Forum for Science, Industry and Business

Sponsored by:     3M 
Search our Site:

 

New Study Finds that Add-On Therapy Improves Depressive Symptoms in Bipolar Disorder

02.09.2008
Lingering depression is a serious and common problem in bipolar disorder, and does not resolve well with existing treatments.

Because individuals with both depression and bipolar disorder experience a glutathione deficiency, an antioxidant that protects cells from toxins, researchers in a new study scheduled for publication in the September 15th issue of Biological Psychiatry sought to evaluate whether N-acetyl cysteine (NAC), an over-the-counter supplement that increases brain glutathione, might help alleviate depressive symptoms.

Dr. Michael Berk and colleagues, in a randomized, double-blind, placebo-controlled trial, evaluated the mood symptoms of individuals with bipolar disorder, half of whom received placebo and half of whom received NAC, as an add-on therapy to their usual treatment. Over the 24 weeks of the study, NAC was well tolerated, and induced a marked and significant improvement in depressive symptoms. Ashley Bush, M.D., Ph.D., the article’s corresponding author, further explains: “Glutathione is the brain’s primary antioxidant defense, and there is evidence of increased oxidative stress in bipolar disorder. Therefore, we studied the potential benefit of NAC treatment in bipolar disorder and found that it impressively remedied residual depressive symptoms.”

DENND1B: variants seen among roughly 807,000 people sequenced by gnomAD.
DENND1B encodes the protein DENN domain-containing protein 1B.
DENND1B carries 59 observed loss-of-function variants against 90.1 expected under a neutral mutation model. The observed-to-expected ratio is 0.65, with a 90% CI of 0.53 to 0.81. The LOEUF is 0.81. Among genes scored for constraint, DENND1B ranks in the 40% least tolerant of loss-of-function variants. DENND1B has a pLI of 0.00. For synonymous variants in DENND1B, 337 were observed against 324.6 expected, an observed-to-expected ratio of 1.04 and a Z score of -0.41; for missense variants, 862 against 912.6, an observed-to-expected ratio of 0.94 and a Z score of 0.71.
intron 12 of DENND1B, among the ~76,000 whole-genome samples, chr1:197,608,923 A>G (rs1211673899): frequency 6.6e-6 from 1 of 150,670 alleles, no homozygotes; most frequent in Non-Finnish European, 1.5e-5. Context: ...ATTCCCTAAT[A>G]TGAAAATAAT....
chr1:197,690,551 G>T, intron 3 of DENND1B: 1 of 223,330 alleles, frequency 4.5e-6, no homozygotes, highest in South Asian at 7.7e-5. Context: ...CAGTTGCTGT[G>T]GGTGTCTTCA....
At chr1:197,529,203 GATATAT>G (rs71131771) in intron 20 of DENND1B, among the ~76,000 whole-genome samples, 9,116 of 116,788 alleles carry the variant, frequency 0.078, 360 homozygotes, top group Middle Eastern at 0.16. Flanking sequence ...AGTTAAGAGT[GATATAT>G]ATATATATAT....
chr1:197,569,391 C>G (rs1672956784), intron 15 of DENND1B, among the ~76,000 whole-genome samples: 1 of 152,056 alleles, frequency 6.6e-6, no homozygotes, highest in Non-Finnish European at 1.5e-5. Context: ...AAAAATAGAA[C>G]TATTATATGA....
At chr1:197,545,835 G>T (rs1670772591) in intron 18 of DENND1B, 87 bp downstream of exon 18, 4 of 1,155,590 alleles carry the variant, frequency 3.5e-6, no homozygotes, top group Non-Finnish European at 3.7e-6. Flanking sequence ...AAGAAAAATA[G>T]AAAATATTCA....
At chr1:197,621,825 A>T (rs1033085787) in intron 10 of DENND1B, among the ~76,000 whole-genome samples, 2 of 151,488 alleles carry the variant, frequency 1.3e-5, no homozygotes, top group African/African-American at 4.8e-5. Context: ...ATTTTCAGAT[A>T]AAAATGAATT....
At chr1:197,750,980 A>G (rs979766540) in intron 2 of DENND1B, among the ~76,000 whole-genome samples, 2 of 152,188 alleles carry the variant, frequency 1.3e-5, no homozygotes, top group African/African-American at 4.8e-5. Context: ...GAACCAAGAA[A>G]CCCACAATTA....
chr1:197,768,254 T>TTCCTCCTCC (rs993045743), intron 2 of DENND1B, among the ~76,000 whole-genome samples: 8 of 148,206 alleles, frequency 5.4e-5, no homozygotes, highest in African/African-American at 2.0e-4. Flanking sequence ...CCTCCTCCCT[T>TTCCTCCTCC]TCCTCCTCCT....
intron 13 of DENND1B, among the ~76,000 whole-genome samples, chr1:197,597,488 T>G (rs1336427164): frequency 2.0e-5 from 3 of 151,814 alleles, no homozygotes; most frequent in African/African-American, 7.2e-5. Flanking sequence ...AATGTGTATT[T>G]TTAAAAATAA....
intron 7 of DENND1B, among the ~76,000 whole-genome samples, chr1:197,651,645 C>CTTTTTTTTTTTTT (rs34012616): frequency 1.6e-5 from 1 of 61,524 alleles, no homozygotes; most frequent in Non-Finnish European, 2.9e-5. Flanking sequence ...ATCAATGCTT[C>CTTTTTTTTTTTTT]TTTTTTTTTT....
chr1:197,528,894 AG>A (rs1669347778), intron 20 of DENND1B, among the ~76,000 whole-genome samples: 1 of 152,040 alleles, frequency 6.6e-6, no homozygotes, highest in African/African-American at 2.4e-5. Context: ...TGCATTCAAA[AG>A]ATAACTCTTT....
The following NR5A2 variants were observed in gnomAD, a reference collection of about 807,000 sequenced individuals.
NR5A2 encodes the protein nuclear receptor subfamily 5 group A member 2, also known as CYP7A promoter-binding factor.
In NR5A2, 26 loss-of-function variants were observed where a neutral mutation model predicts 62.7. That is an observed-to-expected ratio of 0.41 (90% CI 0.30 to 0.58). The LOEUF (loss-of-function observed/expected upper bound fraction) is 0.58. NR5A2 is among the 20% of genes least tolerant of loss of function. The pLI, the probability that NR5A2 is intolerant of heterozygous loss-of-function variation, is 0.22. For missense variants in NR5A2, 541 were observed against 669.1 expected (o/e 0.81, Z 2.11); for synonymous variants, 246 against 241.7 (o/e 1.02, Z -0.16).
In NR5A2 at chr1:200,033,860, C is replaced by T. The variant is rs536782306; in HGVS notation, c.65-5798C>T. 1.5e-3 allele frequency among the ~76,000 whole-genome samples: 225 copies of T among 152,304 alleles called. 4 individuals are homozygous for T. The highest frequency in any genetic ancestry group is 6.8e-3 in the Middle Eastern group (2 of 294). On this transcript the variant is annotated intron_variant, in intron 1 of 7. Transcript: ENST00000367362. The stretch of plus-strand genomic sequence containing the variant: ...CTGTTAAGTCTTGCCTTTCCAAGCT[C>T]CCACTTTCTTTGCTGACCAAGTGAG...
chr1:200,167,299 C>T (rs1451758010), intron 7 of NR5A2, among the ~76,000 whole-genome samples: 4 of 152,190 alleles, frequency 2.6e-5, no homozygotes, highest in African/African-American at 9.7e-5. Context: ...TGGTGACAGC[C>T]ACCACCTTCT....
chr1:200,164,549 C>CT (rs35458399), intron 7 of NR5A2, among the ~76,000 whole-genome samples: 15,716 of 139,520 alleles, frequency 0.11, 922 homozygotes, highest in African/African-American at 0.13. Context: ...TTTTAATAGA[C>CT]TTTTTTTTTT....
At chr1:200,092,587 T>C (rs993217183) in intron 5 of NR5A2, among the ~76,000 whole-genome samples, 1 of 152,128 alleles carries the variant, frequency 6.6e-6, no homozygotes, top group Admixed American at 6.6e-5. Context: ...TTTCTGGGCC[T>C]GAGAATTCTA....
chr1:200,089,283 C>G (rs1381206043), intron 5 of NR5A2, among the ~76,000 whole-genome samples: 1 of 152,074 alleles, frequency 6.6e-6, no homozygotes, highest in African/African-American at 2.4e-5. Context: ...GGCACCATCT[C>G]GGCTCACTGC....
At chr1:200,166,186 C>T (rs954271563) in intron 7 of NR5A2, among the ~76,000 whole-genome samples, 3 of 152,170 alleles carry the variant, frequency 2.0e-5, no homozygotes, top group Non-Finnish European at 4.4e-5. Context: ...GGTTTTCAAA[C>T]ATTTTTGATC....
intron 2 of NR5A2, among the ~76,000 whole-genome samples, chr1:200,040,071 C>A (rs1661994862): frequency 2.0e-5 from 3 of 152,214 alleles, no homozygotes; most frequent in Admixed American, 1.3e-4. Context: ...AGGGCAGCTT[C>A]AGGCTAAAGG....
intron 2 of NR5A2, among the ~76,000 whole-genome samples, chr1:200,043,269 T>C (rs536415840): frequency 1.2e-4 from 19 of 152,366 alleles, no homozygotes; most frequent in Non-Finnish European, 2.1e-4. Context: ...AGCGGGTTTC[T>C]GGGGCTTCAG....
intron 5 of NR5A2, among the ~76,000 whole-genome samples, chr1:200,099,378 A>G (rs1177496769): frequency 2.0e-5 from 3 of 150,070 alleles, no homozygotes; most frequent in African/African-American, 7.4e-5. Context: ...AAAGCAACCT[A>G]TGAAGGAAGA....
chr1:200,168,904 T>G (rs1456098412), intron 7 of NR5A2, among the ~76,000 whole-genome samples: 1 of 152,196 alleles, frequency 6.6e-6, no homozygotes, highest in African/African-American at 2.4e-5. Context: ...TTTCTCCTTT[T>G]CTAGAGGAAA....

John H. Krystal, M.D., Editor of Biological Psychiatry and affiliated with both Yale University School of Medicine and the VA Connecticut Healthcare System, comments: “The preliminary evidence of efficacy of NAC is very interesting. This study might suggest a number of novel approaches to treating depression. In subsequent efforts to replicate this preliminary finding, it will be important to determine how much NAC reaches the brain after oral administration.”

As noted by both the authors and Dr. Krystal, additional studies will be necessary to further evaluate and replicate these findings. However, as Dr. Berk observes, “Brain glutathione metabolism appears to be a valuable new treatment target for psychiatric disorders, and we hope the impressive results of this study opens up a new treatment option.”

Jayne Dawkins | alfa
Further information:
http://www.elsevier.com

More articles from Studies and Analyses:

nachricht The personality factor: How to foster the sharing of research data
06.09.2017 | ZBW – Leibniz-Informationszentrum Wirtschaft

nachricht Europe’s Demographic Future. Where the Regions Are Heading after a Decade of Crises
10.08.2017 | Berlin-Institut für Bevölkerung und Entwicklung

All articles from Studies and Analyses >>>

The most recent press releases about innovation >>>

Die letzten 5 Focus-News des innovations-reports im Überblick:

Im Focus: Tiny lasers from a gallery of whispers

New technique promises tunable laser devices